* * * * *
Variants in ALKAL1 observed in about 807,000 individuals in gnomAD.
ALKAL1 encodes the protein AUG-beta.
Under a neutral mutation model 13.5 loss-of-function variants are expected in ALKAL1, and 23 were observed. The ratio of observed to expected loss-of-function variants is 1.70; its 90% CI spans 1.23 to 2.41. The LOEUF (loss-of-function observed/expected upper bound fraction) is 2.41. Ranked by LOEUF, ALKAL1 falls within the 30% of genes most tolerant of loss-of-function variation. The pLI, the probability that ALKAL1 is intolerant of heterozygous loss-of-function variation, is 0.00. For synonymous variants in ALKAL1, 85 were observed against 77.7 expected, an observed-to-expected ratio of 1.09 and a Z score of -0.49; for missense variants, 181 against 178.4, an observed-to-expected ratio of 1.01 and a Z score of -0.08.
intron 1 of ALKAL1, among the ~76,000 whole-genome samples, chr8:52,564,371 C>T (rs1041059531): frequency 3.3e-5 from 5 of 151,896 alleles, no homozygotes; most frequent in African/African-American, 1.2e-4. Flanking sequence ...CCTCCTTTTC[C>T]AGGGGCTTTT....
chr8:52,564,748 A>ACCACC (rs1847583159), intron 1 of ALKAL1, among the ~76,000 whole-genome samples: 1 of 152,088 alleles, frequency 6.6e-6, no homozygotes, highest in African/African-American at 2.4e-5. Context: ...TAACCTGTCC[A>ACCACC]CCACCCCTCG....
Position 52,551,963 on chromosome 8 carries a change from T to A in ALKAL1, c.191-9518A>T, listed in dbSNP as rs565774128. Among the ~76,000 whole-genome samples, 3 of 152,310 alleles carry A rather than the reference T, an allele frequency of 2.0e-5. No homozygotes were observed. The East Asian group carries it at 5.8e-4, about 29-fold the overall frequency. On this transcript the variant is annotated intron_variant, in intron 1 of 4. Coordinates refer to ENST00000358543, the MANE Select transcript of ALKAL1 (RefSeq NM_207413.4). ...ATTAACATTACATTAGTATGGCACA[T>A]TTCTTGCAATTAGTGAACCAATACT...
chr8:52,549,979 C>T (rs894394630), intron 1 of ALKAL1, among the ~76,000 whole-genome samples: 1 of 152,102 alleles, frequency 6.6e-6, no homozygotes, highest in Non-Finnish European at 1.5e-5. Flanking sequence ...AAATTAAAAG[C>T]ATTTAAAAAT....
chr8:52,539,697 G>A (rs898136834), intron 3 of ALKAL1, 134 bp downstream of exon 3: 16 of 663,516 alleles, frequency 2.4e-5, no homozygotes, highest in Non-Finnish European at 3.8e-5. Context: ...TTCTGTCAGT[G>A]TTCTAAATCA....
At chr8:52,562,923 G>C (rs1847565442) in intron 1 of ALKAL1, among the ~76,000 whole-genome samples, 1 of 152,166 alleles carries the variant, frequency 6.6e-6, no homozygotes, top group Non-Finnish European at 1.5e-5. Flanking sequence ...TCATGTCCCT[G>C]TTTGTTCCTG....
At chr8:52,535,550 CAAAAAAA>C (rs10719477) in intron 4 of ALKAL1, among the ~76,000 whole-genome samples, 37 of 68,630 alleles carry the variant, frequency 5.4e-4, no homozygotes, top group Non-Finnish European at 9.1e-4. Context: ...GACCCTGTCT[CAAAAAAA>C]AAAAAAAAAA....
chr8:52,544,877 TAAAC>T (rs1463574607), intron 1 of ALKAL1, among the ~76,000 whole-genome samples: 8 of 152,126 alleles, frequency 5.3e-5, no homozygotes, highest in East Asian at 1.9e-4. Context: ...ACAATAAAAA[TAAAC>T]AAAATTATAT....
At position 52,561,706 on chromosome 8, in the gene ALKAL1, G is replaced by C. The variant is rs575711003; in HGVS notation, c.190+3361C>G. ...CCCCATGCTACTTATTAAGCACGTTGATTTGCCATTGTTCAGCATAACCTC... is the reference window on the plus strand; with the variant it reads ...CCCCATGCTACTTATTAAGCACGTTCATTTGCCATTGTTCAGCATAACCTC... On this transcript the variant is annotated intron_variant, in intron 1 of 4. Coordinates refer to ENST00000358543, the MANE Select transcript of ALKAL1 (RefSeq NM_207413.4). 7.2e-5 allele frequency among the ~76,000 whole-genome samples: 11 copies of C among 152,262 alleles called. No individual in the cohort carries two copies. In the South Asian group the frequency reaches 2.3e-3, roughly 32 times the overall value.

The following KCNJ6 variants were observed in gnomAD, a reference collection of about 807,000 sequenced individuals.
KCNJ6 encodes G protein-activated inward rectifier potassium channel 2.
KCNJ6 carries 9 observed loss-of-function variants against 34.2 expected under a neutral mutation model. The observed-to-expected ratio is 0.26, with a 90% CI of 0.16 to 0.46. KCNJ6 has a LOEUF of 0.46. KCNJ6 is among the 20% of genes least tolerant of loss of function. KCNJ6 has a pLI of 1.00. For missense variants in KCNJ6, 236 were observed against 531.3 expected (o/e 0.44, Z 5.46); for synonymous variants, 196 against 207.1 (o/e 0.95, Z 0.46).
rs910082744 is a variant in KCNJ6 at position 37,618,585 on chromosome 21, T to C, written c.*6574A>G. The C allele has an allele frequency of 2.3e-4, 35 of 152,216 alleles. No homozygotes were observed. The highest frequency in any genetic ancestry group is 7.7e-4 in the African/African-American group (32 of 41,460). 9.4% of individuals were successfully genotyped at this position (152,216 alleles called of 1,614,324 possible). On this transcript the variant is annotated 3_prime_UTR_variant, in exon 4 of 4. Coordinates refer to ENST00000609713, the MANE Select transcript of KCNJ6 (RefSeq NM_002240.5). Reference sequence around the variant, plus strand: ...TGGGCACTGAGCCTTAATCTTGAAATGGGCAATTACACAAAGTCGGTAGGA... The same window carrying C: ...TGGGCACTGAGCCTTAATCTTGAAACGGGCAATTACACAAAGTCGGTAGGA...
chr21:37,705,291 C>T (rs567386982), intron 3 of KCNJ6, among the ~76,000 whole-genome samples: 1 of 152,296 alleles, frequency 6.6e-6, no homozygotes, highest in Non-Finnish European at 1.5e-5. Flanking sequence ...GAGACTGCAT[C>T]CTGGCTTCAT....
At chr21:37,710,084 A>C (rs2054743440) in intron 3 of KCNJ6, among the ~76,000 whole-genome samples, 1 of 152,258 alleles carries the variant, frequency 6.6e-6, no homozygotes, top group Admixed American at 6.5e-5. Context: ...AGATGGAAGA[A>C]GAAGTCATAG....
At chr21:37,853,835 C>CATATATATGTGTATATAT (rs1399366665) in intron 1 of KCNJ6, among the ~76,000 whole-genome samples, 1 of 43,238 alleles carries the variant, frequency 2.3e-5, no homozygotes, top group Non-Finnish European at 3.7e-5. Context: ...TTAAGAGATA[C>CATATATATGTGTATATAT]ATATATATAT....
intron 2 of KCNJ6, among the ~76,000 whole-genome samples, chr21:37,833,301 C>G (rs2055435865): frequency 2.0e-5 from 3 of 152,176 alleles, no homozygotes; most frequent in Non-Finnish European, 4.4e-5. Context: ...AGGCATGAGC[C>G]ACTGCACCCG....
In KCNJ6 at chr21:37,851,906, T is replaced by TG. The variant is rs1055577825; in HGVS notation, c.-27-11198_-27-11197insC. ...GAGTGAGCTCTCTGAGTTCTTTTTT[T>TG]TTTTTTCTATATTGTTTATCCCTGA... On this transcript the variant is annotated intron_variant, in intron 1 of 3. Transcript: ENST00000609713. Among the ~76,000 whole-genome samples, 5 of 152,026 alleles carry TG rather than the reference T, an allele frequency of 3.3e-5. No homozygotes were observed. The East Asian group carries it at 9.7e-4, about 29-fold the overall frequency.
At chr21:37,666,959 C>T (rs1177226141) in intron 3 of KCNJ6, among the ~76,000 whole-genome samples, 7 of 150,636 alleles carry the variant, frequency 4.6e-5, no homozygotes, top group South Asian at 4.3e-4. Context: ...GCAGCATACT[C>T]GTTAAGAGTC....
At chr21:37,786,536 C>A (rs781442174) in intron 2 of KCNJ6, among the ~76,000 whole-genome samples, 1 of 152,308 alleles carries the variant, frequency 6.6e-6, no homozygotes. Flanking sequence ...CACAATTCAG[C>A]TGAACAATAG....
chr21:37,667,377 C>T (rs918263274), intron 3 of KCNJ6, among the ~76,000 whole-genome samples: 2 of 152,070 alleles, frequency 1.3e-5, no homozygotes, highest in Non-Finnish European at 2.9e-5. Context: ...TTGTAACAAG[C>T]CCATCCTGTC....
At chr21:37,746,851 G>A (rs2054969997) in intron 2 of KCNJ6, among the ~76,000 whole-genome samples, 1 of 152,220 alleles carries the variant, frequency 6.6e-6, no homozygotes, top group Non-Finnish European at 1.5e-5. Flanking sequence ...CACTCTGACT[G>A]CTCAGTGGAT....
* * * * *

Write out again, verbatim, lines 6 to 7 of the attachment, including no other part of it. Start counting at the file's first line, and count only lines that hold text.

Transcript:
Position 52,551,963 on chromosome 8 carries a change from T to A in ALKAL1, c.191-9518A>T, listed in dbSNP as rs565774128. Among the ~76,000 whole-genome samples, 3 of 152,310 alleles carry A rather than the reference T, an allele frequency of 2.0e-5. No homozygotes were observed. The East Asian group carries it at 5.8e-4, about 29-fold the overall frequency. On this transcript the variant is annotated intron_variant, in intron 1 of 4. Coordinates refer to ENST00000358543, the MANE Select transcript of ALKAL1 (RefSeq NM_207413.4). ...ATTAACATTACATTAGTATGGCACA[T>A]TTCTTGCAATTAGTGAACCAATACT...
chr8:52,549,979 C>T (rs894394630), intron 1 of ALKAL1, among the ~76,000 whole-genome samples: 1 of 152,102 alleles, frequency 6.6e-6, no homozygotes, highest in Non-Finnish European at 1.5e-5. Flanking sequence ...AAATTAAAAG[C>T]ATTTAAAAAT....